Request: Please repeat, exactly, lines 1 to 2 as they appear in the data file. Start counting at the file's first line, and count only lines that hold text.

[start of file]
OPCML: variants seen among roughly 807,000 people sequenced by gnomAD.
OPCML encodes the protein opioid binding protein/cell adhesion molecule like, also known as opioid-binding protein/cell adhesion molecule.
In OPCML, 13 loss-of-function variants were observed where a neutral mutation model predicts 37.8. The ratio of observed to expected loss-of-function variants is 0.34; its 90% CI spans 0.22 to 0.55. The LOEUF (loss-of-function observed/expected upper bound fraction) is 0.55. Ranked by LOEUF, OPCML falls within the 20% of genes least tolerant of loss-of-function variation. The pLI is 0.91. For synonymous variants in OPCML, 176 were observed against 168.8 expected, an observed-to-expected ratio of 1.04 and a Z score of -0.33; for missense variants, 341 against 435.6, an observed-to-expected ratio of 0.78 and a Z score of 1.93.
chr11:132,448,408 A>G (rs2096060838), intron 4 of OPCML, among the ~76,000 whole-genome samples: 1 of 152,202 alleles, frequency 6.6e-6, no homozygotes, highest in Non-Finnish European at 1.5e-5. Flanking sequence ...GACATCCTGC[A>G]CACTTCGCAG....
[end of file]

OPCML: variants seen among roughly 807,000 people sequenced by gnomAD.
OPCML encodes the protein opioid binding protein/cell adhesion molecule like, also known as opioid-binding protein/cell adhesion molecule.